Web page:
If you had just slammed your finger on your car door and the pain is unbearable and the nail has turned black and blue, then you are likely to have Subungual hematoma. The nail hematoma is seldom serious but always painful.
Also called Runner's Toe or Tennis Toe, Subungual Hematoma is a collection of blood under the fingernail or toenail.
This may have been caused by an injury such as slamming the nail in a door or dropping a heavy object on the nail. Subungual Hematoma can occur when blood thinning or cancer treatment medicines are consumed or you have an autoimmune condition. Subungual Hematoma can be extremely painful for an injury of its size although otherwise it is not a serious medical condition.
Signs and symptoms
Subungual hematomas commonly occur after a crush type of injury at the tip of the finger or toe – hitting your finger with a hammer, dropping a heavy object on your toe or closing your finger in a door. Subungual Hematoma may be caused by ill fitting shoes and insufficient space for the toes.
The condition also results from slamming a finger in a door or from sports activities such as climbing or hiking in a rugged terrain. Due to running injuries, a foot might have lost a toenail and this is exacerbated by poorly fitting shoes.
Subungual Hematoma that occurs from repetitive thrusting of the longest toe into a shoe's toe box is called jogger's toe or runner's toe. Here bleeding occurs from the nail bed underlying the nail plate.
Runners toe is caused by downward pressure or horizontal separation of nail plate from nail bed. Repetitive traumatic injury leads to bleeding and blood gets pooled underneath the toe nail. The deformed nail plate gradually grows out and is replaced by new nail plate several months later. Sometimes the toe may become painful and require surgical drainage.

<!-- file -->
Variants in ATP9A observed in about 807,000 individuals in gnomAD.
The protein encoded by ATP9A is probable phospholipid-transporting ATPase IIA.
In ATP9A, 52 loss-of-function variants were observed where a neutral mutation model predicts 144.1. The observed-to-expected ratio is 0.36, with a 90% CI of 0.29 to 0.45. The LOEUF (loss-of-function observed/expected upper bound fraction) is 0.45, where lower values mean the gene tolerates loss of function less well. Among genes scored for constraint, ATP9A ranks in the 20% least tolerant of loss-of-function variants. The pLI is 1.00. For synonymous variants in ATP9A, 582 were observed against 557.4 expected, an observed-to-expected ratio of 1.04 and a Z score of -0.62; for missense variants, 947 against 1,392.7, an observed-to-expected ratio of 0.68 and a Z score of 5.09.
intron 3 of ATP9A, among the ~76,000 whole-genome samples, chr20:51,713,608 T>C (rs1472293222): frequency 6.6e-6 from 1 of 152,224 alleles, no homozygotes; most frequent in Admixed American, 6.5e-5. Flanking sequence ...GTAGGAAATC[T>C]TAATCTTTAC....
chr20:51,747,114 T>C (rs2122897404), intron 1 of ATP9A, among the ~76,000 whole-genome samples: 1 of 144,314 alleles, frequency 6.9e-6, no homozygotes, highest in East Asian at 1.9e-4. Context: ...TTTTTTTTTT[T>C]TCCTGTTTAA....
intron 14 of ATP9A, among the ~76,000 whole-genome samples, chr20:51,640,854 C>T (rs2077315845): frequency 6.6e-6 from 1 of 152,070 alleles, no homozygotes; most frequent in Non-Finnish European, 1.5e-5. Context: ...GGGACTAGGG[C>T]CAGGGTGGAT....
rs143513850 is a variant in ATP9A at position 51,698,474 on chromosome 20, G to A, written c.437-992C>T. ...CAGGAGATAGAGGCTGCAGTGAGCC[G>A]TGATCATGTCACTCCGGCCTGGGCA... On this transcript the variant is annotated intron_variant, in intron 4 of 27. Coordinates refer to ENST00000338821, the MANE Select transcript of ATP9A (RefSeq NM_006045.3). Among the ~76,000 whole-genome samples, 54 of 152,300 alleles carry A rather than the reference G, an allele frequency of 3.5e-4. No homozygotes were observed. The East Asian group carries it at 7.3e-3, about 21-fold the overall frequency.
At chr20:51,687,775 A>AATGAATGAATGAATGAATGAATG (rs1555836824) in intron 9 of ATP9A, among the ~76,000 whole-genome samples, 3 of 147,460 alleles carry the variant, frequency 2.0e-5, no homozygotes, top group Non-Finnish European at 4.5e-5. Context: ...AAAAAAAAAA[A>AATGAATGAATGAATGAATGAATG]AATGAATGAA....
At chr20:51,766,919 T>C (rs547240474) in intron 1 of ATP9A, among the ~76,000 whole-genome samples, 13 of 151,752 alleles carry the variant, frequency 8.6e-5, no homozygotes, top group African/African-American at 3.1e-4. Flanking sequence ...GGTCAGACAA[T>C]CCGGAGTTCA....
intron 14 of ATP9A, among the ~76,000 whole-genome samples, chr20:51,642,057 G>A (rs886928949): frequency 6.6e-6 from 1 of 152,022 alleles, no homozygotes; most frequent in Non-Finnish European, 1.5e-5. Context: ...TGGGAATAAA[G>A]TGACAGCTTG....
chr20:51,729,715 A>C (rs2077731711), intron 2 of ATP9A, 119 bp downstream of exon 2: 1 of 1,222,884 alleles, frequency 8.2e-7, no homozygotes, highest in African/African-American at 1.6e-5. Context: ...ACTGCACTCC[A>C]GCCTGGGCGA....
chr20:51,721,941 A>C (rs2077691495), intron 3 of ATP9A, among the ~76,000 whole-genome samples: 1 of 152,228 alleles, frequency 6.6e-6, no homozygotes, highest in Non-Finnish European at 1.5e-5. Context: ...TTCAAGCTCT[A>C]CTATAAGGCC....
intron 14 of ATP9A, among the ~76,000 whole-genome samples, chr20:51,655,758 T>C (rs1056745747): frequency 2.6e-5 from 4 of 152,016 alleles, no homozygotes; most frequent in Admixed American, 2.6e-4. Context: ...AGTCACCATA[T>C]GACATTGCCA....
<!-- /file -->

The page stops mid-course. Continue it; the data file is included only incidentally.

Treatment of Subungual Hematoma
A small hole is made in the nail to drain the blood. This will decrease pain and swelling. Following commonly used methods for draining hematoma include:
Cautery, a battery operated device used to burn a hole in the nail until the blood is reached and drained out of the hole. In case the patient is using artificial acrylic nails which might be flammable, this method should not be used.
A large diameter needle is used to drill or bore into the nail to create a hole to allow the blood to drain out.
Nail removal may be done if the nail is damaged. The doctor may also have to repair the tissue under the nail. Although anesthesia is generally not required, a digital nerve block is recommended to be performed if the nail is to be removed.
A splint may be placed on the finger or toe to prevent movement and protect the area while it heals. Subungual hematoma may typically heal without incident, although infection of the nail may occur.
Caring for Subungual hematoma
Keep injured finger or toe dry as long as directed.
Trim nails gently if it begins to fall off in pieces. This may decrease risk for catching the nail on an object or ripping it off.
Wear shoes that are comfortable and fit correctly to prevent injury to the toe.
Ice is used to elevate the affected finger. Place ice wrapped in a towel over the painful area for as long as directed and then elevate hand or foot on pillows above the level of the heart to help decrease swelling and pain.
If the nail was removed by the injury and the nail bed is not cut, then it is recommended to have the following home treatment done until the nail bed begins to be less sensitive, usually in a week to ten days. Twice daily soak with antibacterial soap and water for ten to fifteen minutes. After soaking, apply a topical antibiotic ointment and a dry sterile bandage.
Exert caution when dealing with heavy objects. While on some high risk jobs, used steel toed shoes. Watch children's hands while opening and closing doors. Give full attention to the task on hand. Finger injuries often happen when the person using the hammer is distracted. In case of heavy objects, find people who can carry them – instead of dropping them on your toes.
Bibliography / Reference
Collection of Pages - Last revised Date: February 19, 2019